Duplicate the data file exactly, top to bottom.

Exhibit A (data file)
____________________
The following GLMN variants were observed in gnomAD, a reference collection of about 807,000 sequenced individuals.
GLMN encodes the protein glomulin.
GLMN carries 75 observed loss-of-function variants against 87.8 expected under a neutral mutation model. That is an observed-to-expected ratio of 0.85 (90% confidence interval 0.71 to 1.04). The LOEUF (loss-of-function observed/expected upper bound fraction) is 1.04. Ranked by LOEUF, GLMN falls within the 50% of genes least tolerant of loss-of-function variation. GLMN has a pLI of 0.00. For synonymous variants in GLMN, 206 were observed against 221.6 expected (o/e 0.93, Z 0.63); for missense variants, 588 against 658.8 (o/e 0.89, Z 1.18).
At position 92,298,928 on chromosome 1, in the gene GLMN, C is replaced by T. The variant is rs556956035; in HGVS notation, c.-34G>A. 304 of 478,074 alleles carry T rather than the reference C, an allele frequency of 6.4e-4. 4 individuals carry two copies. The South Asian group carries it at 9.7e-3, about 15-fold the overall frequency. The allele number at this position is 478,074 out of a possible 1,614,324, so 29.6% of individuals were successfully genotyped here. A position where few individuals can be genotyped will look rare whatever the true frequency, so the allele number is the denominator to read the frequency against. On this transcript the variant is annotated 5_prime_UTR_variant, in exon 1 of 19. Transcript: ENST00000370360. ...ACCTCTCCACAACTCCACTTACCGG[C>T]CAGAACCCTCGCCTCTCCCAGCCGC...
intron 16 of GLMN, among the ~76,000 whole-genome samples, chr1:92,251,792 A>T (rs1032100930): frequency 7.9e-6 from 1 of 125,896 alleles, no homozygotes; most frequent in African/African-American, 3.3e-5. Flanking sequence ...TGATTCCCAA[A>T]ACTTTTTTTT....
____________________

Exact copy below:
The following GLMN variants were observed in gnomAD, a reference collection of about 807,000 sequenced individuals.
GLMN encodes the protein glomulin.
GLMN carries 75 observed loss-of-function variants against 87.8 expected under a neutral mutation model. That is an observed-to-expected ratio of 0.85 (90% confidence interval 0.71 to 1.04). The LOEUF (loss-of-function observed/expected upper bound fraction) is 1.04. Ranked by LOEUF, GLMN falls within the 50% of genes least tolerant of loss-of-function variation. GLMN has a pLI of 0.00. For synonymous variants in GLMN, 206 were observed against 221.6 expected (o/e 0.93, Z 0.63); for missense variants, 588 against 658.8 (o/e 0.89, Z 1.18).
At position 92,298,928 on chromosome 1, in the gene GLMN, C is replaced by T. The variant is rs556956035; in HGVS notation, c.-34G>A. 304 of 478,074 alleles carry T rather than the reference C, an allele frequency of 6.4e-4. 4 individuals carry two copies. The South Asian group carries it at 9.7e-3, about 15-fold the overall frequency. The allele number at this position is 478,074 out of a possible 1,614,324, so 29.6% of individuals were successfully genotyped here. A position where few individuals can be genotyped will look rare whatever the true frequency, so the allele number is the denominator to read the frequency against. On this transcript the variant is annotated 5_prime_UTR_variant, in exon 1 of 19. Transcript: ENST00000370360. ...ACCTCTCCACAACTCCACTTACCGG[C>T]CAGAACCCTCGCCTCTCCCAGCCGC...
intron 16 of GLMN, among the ~76,000 whole-genome samples, chr1:92,251,792 A>T (rs1032100930): frequency 7.9e-6 from 1 of 125,896 alleles, no homozygotes; most frequent in African/African-American, 3.3e-5. Flanking sequence ...TGATTCCCAA[A>T]ACTTTTTTTT....